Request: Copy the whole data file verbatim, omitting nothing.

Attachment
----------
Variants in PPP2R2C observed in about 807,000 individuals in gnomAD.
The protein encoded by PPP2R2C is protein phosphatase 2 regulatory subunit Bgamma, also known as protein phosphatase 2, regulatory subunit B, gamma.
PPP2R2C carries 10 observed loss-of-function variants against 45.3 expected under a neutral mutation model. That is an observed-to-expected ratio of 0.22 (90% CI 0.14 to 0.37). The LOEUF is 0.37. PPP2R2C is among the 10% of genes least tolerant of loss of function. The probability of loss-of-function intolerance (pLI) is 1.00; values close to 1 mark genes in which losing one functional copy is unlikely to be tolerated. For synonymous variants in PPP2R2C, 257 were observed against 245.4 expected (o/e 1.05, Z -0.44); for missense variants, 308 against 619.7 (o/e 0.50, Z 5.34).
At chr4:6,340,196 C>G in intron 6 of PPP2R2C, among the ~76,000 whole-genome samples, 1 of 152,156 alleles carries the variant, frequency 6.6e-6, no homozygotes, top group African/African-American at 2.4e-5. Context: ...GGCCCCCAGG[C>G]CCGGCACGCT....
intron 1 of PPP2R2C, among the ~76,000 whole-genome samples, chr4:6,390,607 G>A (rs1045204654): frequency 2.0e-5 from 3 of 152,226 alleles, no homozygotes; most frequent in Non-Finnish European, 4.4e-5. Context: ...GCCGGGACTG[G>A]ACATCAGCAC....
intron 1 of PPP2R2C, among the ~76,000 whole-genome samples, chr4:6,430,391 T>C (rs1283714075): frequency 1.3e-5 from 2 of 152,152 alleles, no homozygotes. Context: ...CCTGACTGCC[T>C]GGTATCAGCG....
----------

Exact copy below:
Variants in PPP2R2C observed in about 807,000 individuals in gnomAD.
The protein encoded by PPP2R2C is protein phosphatase 2 regulatory subunit Bgamma, also known as protein phosphatase 2, regulatory subunit B, gamma.
PPP2R2C carries 10 observed loss-of-function variants against 45.3 expected under a neutral mutation model. That is an observed-to-expected ratio of 0.22 (90% CI 0.14 to 0.37). The LOEUF is 0.37. PPP2R2C is among the 10% of genes least tolerant of loss of function. The probability of loss-of-function intolerance (pLI) is 1.00; values close to 1 mark genes in which losing one functional copy is unlikely to be tolerated. For synonymous variants in PPP2R2C, 257 were observed against 245.4 expected (o/e 1.05, Z -0.44); for missense variants, 308 against 619.7 (o/e 0.50, Z 5.34).
At chr4:6,340,196 C>G in intron 6 of PPP2R2C, among the ~76,000 whole-genome samples, 1 of 152,156 alleles carries the variant, frequency 6.6e-6, no homozygotes, top group African/African-American at 2.4e-5. Context: ...GGCCCCCAGG[C>G]CCGGCACGCT....
intron 1 of PPP2R2C, among the ~76,000 whole-genome samples, chr4:6,390,607 G>A (rs1045204654): frequency 2.0e-5 from 3 of 152,226 alleles, no homozygotes; most frequent in Non-Finnish European, 4.4e-5. Context: ...GCCGGGACTG[G>A]ACATCAGCAC....
intron 1 of PPP2R2C, among the ~76,000 whole-genome samples, chr4:6,430,391 T>C (rs1283714075): frequency 1.3e-5 from 2 of 152,152 alleles, no homozygotes. Context: ...CCTGACTGCC[T>C]GGTATCAGCG....